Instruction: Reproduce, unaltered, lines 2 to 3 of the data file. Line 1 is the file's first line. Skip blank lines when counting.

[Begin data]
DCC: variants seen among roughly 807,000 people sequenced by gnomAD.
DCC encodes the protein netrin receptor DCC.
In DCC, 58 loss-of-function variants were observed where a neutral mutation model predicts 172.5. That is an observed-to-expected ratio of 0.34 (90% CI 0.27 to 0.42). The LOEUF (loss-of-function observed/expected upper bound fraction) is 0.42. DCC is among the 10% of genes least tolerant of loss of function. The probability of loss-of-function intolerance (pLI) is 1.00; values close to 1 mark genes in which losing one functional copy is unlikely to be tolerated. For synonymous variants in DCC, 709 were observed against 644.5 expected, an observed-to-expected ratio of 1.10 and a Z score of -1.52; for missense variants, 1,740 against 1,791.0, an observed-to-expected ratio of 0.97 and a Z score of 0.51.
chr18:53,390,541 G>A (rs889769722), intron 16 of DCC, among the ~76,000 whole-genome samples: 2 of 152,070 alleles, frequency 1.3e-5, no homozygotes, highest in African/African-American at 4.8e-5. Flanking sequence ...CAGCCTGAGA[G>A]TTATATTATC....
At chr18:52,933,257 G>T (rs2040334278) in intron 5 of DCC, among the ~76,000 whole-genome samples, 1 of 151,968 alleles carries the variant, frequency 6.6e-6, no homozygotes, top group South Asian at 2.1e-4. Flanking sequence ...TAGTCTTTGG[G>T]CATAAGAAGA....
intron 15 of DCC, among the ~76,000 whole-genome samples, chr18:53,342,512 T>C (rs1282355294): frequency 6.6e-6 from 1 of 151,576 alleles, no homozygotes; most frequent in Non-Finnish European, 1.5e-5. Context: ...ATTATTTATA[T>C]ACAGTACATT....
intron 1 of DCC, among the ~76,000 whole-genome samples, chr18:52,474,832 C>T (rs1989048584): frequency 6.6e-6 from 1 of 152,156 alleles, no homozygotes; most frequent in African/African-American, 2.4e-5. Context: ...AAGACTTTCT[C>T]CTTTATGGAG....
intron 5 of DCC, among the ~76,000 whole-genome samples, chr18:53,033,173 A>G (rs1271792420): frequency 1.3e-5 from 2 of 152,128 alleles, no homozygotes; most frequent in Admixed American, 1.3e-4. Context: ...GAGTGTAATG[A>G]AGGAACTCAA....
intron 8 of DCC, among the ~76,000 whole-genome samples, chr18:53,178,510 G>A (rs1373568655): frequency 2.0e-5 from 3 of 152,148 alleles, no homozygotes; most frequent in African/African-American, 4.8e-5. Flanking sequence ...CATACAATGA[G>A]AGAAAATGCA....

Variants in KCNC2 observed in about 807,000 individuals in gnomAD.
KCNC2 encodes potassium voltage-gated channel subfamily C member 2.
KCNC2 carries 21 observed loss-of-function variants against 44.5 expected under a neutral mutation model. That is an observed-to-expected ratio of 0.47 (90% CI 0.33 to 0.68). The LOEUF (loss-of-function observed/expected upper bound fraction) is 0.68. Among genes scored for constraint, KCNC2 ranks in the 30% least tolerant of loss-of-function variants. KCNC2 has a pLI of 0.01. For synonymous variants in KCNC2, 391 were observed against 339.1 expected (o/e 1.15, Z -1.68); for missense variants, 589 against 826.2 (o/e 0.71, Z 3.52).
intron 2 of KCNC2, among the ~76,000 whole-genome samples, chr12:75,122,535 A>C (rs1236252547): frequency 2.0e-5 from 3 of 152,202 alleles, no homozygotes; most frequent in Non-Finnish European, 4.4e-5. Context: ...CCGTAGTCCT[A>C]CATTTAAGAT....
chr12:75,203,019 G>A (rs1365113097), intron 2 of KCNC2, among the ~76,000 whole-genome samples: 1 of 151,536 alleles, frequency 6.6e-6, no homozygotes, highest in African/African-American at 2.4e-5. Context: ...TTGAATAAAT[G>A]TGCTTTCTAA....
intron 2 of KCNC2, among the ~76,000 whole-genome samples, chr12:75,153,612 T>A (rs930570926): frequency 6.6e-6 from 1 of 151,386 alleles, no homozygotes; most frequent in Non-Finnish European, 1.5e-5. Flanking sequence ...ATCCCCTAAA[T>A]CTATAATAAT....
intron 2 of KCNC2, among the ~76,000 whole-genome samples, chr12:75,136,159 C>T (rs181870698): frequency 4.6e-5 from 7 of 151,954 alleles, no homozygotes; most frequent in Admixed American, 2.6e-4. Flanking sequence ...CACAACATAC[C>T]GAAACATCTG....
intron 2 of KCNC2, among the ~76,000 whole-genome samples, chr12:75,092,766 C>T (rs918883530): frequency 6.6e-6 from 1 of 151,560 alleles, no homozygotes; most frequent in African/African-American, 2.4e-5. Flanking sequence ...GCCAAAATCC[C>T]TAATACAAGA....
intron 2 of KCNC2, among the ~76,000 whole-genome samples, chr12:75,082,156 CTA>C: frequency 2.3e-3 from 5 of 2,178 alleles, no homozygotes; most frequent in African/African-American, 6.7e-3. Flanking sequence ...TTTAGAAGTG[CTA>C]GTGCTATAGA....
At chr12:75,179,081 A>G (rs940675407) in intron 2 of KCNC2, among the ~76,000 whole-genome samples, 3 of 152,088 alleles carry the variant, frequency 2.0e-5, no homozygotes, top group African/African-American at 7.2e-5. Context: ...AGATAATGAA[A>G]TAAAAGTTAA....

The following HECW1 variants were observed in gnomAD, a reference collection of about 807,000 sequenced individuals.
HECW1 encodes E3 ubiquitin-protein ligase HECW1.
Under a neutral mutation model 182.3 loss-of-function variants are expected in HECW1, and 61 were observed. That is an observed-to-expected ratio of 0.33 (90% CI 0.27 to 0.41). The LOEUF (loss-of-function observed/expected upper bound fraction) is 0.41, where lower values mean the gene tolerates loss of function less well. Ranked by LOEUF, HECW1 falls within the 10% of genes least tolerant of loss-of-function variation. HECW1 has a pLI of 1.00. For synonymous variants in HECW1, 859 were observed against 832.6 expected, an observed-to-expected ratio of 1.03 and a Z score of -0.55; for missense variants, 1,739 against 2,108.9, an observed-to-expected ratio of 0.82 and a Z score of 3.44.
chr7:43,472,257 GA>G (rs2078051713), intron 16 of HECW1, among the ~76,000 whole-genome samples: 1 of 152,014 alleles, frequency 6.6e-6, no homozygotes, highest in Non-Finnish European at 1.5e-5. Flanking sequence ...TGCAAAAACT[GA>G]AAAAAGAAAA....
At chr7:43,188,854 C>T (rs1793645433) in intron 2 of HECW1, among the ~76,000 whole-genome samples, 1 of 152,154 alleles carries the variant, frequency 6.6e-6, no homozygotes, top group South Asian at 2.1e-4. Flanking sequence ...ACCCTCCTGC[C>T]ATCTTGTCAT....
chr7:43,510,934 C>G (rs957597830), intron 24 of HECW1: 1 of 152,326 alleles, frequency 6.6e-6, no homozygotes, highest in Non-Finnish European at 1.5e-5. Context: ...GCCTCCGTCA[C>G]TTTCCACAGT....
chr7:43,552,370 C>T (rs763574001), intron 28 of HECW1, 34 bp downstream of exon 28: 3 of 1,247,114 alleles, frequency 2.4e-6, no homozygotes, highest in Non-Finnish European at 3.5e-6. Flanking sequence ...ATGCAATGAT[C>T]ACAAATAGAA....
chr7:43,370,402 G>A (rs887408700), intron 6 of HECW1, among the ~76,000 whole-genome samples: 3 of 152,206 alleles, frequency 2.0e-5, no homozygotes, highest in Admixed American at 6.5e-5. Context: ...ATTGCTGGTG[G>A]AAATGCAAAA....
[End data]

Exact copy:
DCC encodes the protein netrin receptor DCC.
In DCC, 58 loss-of-function variants were observed where a neutral mutation model predicts 172.5. That is an observed-to-expected ratio of 0.34 (90% CI 0.27 to 0.42). The LOEUF (loss-of-function observed/expected upper bound fraction) is 0.42. DCC is among the 10% of genes least tolerant of loss of function. The probability of loss-of-function intolerance (pLI) is 1.00; values close to 1 mark genes in which losing one functional copy is unlikely to be tolerated. For synonymous variants in DCC, 709 were observed against 644.5 expected, an observed-to-expected ratio of 1.10 and a Z score of -1.52; for missense variants, 1,740 against 1,791.0, an observed-to-expected ratio of 0.97 and a Z score of 0.51.